Book Review: U.S. Experimental & Prototype Aircraft Projects: Fighters 1939-1945
Although the United States at the end of World War II fielded the most formidable fighter force ever assembled to that time, a few scant years earlier it had been hard-pressed to offer up any modern fighters; indeed, the first American aircraft aircraft to see action at Pearl Harbor were P-36s that had long since been passed by technologically.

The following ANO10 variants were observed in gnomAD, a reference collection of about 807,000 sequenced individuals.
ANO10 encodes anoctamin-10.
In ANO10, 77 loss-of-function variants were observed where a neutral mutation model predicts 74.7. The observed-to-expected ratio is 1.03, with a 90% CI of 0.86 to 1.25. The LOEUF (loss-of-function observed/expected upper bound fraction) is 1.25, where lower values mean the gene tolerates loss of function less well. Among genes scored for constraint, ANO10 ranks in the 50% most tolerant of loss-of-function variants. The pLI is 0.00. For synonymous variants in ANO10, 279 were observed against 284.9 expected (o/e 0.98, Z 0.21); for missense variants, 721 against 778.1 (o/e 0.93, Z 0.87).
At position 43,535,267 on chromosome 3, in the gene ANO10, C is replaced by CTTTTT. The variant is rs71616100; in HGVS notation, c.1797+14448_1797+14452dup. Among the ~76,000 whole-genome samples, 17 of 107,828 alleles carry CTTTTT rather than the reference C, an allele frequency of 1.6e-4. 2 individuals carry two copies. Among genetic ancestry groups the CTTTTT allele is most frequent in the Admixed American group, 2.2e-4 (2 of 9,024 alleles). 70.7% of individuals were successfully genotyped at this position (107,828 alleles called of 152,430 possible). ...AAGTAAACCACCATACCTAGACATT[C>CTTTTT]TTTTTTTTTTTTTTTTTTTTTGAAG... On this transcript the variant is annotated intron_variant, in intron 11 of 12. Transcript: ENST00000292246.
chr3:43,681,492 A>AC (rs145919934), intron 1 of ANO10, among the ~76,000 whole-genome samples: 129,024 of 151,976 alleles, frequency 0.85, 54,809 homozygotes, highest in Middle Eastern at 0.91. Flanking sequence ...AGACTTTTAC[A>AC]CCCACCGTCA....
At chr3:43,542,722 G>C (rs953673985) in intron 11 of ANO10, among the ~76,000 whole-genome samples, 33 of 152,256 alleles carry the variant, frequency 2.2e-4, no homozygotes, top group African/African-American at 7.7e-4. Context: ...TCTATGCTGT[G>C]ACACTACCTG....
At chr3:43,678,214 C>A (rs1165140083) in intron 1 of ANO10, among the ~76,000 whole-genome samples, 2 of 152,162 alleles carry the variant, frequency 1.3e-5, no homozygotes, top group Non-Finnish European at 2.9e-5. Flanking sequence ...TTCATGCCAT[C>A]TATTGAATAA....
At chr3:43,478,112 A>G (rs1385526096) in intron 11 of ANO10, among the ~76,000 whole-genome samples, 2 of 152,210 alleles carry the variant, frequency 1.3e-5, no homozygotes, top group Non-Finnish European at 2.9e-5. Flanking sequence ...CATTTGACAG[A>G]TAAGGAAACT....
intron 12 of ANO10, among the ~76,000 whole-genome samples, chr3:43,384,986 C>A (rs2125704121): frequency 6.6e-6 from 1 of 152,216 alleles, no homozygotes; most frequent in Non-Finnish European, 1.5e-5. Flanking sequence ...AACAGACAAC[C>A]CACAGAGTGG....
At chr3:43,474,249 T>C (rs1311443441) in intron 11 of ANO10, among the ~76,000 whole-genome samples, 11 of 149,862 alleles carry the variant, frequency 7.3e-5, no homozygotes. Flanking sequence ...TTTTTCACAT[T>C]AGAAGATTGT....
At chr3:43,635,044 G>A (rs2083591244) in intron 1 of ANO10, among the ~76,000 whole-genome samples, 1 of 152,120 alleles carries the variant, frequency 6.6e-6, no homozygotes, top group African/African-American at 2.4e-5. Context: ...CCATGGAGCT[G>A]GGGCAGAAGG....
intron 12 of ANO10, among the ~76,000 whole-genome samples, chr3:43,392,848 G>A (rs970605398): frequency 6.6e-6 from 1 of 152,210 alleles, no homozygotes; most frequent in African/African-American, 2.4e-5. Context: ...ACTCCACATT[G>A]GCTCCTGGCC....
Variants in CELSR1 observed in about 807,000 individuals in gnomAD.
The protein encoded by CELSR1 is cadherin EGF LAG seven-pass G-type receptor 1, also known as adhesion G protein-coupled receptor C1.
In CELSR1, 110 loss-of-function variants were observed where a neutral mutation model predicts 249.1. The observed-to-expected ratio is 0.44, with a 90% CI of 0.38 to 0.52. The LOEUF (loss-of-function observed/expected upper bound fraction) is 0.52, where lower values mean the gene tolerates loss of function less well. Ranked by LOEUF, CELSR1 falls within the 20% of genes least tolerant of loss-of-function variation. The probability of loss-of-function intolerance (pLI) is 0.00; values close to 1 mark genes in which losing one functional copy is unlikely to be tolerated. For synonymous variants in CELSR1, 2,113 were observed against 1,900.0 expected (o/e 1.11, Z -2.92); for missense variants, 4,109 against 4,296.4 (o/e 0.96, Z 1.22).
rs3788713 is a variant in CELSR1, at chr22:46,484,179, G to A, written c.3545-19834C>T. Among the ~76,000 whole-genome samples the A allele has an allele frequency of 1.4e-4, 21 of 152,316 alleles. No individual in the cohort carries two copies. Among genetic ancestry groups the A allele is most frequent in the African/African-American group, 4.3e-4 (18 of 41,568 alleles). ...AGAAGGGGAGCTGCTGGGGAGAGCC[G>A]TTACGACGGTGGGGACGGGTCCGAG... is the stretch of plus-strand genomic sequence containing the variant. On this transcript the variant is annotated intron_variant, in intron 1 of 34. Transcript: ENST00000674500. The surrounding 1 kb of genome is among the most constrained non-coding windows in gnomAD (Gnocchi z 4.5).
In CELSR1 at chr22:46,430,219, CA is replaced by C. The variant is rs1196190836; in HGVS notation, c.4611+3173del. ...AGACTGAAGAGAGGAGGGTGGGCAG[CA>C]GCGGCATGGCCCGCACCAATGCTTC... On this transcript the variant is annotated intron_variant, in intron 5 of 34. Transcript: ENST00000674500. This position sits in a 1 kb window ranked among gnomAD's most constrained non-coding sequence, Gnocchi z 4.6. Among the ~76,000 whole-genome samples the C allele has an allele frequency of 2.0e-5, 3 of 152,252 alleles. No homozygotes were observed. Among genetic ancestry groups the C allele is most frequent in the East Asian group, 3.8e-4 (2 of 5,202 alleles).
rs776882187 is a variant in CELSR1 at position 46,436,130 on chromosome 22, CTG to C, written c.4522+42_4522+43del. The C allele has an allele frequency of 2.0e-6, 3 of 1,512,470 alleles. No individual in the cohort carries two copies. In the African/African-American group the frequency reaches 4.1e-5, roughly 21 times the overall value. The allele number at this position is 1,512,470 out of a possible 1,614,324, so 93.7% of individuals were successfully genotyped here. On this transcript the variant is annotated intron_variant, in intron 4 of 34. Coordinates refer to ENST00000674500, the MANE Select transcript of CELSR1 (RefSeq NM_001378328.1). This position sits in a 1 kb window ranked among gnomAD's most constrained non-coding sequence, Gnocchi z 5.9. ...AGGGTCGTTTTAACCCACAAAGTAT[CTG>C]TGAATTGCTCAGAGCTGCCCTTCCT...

The story of how the US military and the American aviation industry turned this situation around is the focus of Bill Norton’s U.S. Experimental & Prototype Aircraft Projects: Fighters 1939-1945. It is hard to appreciate today how much progress had to be compressed into a few years in the 1940s, and how many different aircraft types, for many diverse roles, were created or at least proposed. Norton’s work covers the designs everybody knows – the P-38, P-51, Corsair, and Hellcat – but also gives extensive space to the also-rans and aircraft that never entered service at all – the Curtiss XP-46, P-60, and P-62, Lockheed P-58, Fisher P-75, and Grumman XF5F are among the many exotic types covered.